Even a US history buff might be hard pressed to remember who was the last US president that had a beard or mustache. It certainly wasn’t anyone from the post-war television era. If you mentally run through our former leaders, you will eventually land upon president William Howard Taft, who served from 1909-1913. Even more surprising, every president before Taft for a 40 year stretch wore facial hair, with the exception of President McKinley. Why have beards and moustaches fallen out of favor with our political leaders?
While there are many probable causes for this, it is a fact of life today that men’s facial hair is frowned upon in many professional environments. Perhaps a reaction to the counter-culture clothing and hair of 60’s and 70’s, facial hair is still considered by many in industries like finance to be unprofessional and a possible an indicator of letting yourself go. Which brings us to the topic of US presidents.
Presidential candidate and former Vice President Al Gore created a whirlwind of chatter by growing a beard after his post-election defeat in 2000, prompting a New York Times’ piece to note that Mr. Gore’s advisors warned him that “facial fuzziness might lead to political suicide”. Despite the recent resurgence in beards and moustaches among millennials after the 2008 recession, a political candidate from either party might encounter some headwinds in today’s 24/7 news environment that is hungry for trivialities to fill air time.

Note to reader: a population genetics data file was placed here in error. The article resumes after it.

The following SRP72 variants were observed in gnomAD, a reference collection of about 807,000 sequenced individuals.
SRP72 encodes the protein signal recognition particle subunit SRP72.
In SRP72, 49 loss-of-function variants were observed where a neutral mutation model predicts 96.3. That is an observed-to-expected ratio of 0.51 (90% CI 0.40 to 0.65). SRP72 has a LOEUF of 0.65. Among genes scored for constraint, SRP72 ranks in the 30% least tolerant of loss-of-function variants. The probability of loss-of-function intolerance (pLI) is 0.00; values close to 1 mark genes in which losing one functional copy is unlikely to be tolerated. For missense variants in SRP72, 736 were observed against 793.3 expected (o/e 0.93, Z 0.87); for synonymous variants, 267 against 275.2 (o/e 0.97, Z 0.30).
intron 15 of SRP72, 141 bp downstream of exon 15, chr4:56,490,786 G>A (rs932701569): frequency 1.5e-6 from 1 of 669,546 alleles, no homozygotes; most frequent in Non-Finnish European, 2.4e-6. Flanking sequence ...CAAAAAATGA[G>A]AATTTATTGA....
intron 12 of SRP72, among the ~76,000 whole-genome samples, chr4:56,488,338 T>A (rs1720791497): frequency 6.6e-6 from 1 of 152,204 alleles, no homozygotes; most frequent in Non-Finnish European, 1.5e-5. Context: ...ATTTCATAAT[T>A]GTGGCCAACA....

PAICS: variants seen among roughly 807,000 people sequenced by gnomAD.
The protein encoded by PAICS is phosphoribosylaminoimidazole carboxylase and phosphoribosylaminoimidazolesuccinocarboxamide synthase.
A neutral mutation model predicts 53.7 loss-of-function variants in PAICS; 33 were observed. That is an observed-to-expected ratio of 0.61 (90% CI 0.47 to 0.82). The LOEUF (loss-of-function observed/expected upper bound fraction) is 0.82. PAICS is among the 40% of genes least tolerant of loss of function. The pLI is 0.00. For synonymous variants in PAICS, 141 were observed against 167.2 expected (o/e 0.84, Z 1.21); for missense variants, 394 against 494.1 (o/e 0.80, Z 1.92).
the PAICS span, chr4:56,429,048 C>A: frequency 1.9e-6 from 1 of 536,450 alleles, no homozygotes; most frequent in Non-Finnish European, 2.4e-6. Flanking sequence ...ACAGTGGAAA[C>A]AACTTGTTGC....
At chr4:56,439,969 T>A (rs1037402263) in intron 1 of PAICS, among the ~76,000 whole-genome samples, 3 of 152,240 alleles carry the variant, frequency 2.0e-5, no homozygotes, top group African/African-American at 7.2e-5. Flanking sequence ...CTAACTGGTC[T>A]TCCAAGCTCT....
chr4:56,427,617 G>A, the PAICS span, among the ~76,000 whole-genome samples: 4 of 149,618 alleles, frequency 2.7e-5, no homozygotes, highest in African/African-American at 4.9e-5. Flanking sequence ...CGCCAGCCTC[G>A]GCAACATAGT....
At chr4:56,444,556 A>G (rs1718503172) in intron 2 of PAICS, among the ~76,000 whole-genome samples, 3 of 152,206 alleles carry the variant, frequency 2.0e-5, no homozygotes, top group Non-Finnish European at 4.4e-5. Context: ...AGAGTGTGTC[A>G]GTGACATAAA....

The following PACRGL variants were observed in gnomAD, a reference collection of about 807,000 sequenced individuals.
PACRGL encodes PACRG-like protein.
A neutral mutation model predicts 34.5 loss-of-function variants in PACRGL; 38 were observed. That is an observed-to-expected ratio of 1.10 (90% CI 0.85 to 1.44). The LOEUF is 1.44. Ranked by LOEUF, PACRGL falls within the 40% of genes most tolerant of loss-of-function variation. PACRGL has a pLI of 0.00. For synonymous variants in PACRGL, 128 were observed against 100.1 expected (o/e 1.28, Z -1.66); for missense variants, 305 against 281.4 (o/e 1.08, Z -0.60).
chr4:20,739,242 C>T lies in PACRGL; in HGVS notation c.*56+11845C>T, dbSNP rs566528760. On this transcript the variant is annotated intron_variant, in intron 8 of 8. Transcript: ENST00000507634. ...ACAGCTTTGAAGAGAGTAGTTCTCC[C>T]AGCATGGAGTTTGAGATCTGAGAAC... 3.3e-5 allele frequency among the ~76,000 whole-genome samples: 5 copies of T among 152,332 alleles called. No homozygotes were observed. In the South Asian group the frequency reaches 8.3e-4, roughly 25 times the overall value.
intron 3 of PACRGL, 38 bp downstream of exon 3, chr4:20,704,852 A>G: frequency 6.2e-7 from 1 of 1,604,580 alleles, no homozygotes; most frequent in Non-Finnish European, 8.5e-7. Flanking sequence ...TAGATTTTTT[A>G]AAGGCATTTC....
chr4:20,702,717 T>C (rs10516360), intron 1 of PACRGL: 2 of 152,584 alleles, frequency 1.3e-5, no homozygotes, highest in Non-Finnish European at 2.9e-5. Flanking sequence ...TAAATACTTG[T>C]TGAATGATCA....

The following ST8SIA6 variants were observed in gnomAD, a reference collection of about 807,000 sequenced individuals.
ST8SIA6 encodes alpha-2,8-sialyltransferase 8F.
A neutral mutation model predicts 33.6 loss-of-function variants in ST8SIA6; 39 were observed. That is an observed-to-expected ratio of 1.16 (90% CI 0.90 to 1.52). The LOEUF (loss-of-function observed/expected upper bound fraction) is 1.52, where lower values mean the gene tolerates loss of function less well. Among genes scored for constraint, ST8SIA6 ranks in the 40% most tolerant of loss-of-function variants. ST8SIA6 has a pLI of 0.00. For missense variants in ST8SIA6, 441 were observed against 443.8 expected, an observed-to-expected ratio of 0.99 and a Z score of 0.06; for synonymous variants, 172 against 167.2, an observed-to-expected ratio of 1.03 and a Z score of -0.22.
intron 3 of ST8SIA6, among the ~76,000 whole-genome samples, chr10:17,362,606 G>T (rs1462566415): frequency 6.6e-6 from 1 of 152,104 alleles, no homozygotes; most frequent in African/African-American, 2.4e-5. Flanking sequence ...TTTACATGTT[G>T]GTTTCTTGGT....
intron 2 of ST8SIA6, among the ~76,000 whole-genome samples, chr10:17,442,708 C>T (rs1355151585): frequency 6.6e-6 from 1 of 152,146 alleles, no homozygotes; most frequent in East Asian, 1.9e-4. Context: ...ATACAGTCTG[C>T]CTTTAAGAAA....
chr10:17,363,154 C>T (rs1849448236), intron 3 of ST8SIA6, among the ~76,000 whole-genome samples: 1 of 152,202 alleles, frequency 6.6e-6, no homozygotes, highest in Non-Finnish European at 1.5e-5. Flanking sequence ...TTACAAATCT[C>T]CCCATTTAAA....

That’s really unfortunate because just like a woman’s appearance, a man’s appearance has no bearing on their ability to do his job. It is perhaps time for the country and the business world to recognize that both males who are either cleanly shaven or sporting moustaches and beards can be gentlemen, leaders, and thoughtful citizens. This fact is perhaps highlighted by the recent Movember movement, where men all over the world grow moustaches during the month of November to raise awareness for prostate cancer and other men’s health issues. From college freshman to corporate offices, groups of men now compete with each other to see who can raise the most cash while simultaneously rocking awesome moustaches.
Perhaps then we’re at the dawn of a new trend, one where society is slowly accepting facial hair in more and more domains of life. And like any bottom-up movement, the customs of the people might crawl up to our political class. Beards in 2016? Maybe not, but the future has never looked brighter since president Taft left the White House. Time will tell.